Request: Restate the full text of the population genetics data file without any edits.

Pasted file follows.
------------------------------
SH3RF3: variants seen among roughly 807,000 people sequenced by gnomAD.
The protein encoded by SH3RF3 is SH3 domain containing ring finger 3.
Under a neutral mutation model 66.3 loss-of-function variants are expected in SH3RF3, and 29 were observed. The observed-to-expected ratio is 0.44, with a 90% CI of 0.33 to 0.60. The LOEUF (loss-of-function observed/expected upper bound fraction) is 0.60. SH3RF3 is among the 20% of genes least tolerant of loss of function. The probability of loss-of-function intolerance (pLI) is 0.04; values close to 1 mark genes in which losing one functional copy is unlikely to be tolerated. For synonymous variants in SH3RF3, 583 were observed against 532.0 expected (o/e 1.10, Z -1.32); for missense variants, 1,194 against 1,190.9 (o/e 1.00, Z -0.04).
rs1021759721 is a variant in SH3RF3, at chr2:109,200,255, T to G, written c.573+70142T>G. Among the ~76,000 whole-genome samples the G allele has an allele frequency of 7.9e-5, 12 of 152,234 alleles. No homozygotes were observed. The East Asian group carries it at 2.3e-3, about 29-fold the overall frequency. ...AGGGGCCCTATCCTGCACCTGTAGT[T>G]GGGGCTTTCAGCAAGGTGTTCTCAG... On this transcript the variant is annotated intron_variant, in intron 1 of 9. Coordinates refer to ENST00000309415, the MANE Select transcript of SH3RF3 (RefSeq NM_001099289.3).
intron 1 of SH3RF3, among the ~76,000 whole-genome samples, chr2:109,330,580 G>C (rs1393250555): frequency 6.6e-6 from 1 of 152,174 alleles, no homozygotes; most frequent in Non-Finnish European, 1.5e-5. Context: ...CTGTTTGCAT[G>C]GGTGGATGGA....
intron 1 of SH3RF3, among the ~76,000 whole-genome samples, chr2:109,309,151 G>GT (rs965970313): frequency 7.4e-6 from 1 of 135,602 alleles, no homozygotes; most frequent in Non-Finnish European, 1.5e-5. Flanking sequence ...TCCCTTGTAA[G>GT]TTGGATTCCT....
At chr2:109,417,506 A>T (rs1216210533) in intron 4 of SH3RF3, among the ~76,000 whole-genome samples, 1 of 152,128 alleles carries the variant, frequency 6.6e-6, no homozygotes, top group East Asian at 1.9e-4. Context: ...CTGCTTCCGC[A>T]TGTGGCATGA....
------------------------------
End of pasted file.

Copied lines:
SH3RF3: variants seen among roughly 807,000 people sequenced by gnomAD.
The protein encoded by SH3RF3 is SH3 domain containing ring finger 3.
Under a neutral mutation model 66.3 loss-of-function variants are expected in SH3RF3, and 29 were observed. The observed-to-expected ratio is 0.44, with a 90% CI of 0.33 to 0.60. The LOEUF (loss-of-function observed/expected upper bound fraction) is 0.60. SH3RF3 is among the 20% of genes least tolerant of loss of function. The probability of loss-of-function intolerance (pLI) is 0.04; values close to 1 mark genes in which losing one functional copy is unlikely to be tolerated. For synonymous variants in SH3RF3, 583 were observed against 532.0 expected (o/e 1.10, Z -1.32); for missense variants, 1,194 against 1,190.9 (o/e 1.00, Z -0.04).
rs1021759721 is a variant in SH3RF3, at chr2:109,200,255, T to G, written c.573+70142T>G. Among the ~76,000 whole-genome samples the G allele has an allele frequency of 7.9e-5, 12 of 152,234 alleles. No homozygotes were observed. The East Asian group carries it at 2.3e-3, about 29-fold the overall frequency. ...AGGGGCCCTATCCTGCACCTGTAGT[T>G]GGGGCTTTCAGCAAGGTGTTCTCAG... On this transcript the variant is annotated intron_variant, in intron 1 of 9. Coordinates refer to ENST00000309415, the MANE Select transcript of SH3RF3 (RefSeq NM_001099289.3).
intron 1 of SH3RF3, among the ~76,000 whole-genome samples, chr2:109,330,580 G>C (rs1393250555): frequency 6.6e-6 from 1 of 152,174 alleles, no homozygotes; most frequent in Non-Finnish European, 1.5e-5. Context: ...CTGTTTGCAT[G>C]GGTGGATGGA....
intron 1 of SH3RF3, among the ~76,000 whole-genome samples, chr2:109,309,151 G>GT (rs965970313): frequency 7.4e-6 from 1 of 135,602 alleles, no homozygotes; most frequent in Non-Finnish European, 1.5e-5. Flanking sequence ...TCCCTTGTAA[G>GT]TTGGATTCCT....
At chr2:109,417,506 A>T (rs1216210533) in intron 4 of SH3RF3, among the ~76,000 whole-genome samples, 1 of 152,128 alleles carries the variant, frequency 6.6e-6, no homozygotes, top group East Asian at 1.9e-4. Context: ...CTGCTTCCGC[A>T]TGTGGCATGA....